Adult predators looking to groom children online often visit social media websites that are popular with young people and will pretend to be their age — it can start on any site, app, messaging platform, or game where people meet and communicate. As LaChine noted, “In the gaming world, perpetrators play the same games, join the same teams, and compete in the same tournaments; via social media, perpetrators read profile information, browse comments, and review most recent check-ins.” All this information is easily accessible via gaming profiles and social media handles as many kids use the same names across platforms. The pictures kids post host a slew of information from geotag location data to subtleties in the background of images.
Online grooming may be difficult to detect because it often occurs while a child is home and simply playing online games, using chatrooms, or posting on social media.
The process begins with information gathering, which is often readily available without the victim knowing this to be the case. The grooming starts when young people believe they are communicating with someone their own age when they are actually talking to an adult posing as a peer. The perpetrator’s approach is to show interest in building a relationship and offering something of value, like money for a micro-transaction in a video game. The perpetrator builds dependency and emotional reliance, which can claw unconsciously at the victim. Once an online relationship has been established, the groomer will often steer the conversation towards sex where the child may be pressured to take explicit photos or videos of themselves and send them to the groomer.
The sextortion begins with a threat of exposure or a threat to publish the content with family, friends, or their school community. So much information has already been disclosed (or is readily available online just from their profiles), so they are essentially blackmailed. The shame, fear, and confusion children feel when they are caught in this cycle often prevents them from asking for help or reporting the abuse.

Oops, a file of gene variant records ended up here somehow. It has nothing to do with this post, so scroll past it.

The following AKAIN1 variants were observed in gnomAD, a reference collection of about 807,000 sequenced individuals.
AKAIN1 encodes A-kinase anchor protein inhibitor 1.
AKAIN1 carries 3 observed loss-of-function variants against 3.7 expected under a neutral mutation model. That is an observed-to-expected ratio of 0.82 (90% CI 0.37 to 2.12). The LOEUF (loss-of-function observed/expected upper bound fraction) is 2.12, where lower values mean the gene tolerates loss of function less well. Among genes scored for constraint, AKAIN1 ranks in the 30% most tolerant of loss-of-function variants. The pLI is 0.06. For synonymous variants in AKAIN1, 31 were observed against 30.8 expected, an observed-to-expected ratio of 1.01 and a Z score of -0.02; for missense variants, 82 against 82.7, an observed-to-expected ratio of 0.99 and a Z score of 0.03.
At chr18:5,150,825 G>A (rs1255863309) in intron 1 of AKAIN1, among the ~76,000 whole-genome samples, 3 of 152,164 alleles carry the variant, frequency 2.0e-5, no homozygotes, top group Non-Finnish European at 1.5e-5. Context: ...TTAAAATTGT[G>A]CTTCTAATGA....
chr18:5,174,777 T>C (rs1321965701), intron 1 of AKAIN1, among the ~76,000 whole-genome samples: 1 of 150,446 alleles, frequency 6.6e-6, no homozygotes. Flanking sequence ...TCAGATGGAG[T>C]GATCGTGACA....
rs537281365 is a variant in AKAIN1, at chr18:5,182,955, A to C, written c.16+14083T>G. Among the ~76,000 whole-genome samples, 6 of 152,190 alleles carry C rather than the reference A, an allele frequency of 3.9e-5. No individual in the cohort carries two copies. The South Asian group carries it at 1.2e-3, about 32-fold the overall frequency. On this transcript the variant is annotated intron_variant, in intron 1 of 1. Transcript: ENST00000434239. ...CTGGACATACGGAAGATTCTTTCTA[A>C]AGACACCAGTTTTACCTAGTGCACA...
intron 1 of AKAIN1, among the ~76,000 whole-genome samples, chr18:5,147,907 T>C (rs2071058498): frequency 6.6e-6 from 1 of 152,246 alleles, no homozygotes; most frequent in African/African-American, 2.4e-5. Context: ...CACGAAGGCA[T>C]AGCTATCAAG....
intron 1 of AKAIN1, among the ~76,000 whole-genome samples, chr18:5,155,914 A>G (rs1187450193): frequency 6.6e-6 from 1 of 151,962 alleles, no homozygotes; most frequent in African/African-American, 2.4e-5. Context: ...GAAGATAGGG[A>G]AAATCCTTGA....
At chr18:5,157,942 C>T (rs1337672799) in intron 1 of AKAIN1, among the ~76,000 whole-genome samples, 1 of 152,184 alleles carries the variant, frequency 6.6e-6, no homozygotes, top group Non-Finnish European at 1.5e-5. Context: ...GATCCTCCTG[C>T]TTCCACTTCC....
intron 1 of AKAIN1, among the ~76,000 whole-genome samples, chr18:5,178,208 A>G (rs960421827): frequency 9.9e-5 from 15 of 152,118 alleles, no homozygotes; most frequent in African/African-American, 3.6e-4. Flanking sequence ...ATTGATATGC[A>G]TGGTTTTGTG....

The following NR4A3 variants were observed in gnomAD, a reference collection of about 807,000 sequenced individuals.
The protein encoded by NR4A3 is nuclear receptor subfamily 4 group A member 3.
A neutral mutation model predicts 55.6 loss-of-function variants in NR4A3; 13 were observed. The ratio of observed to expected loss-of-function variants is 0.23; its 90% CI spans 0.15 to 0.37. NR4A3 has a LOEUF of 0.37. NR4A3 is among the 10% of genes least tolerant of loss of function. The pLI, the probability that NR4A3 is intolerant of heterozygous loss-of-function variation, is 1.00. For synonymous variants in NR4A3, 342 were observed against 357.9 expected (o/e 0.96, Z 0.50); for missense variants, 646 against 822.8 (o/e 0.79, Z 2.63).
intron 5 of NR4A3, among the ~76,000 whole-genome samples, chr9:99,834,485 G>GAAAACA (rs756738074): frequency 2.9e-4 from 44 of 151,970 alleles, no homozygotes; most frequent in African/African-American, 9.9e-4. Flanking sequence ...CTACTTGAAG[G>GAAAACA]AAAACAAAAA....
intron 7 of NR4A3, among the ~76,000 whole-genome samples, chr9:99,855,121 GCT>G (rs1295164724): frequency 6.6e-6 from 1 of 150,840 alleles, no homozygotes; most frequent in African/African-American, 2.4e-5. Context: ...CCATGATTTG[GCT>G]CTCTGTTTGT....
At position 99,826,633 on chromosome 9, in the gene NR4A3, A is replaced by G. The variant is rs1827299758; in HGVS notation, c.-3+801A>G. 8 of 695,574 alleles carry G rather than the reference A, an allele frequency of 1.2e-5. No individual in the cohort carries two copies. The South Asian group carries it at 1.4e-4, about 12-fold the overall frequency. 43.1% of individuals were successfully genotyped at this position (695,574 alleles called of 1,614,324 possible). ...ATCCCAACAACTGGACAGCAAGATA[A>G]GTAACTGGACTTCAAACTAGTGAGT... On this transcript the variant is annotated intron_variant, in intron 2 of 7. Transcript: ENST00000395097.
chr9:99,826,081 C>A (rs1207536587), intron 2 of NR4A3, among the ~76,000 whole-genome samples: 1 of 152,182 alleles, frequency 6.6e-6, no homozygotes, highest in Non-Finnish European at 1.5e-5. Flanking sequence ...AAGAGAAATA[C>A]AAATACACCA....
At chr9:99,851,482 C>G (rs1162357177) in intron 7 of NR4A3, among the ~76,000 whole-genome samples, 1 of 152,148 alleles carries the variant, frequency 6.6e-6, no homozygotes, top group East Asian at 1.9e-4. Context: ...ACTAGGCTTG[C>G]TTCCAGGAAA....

They have been groomed.
A digital frontier exists, and we have not equipped our young people on how to safely navigate the internet. Caregivers and youth should understand how these crimes occur and openly discuss online safety. We need to focus on education and empowerment in order to protect our kids. This is no different than drivers’ education, sexual education, or drug prevention – a public health crisis exists because the internet is so powerful.
Stolen Youth is working with and finding organizations who are established leaders in providing solutions. We recently provided funding to Scarlett Road for their Unbroken Curriculum, which has been presented to over 600 youth this year. The program is a two-day classroom takeover, offering health and civics teachers the opportunity to dive deep into prevention and awareness around safe relationships and sexual exploitation of youth.
Caregivers must have frequent discussions with youth about the family rules and expectations of behavior online. One suggestion is to utilize an internet and mobile data contract agreement can be a great primary to aid in these discussions. The contract should clearly lay out rules, expectations, and consequences for violation of the agreement that both caregivers and youth have signed/agreed to.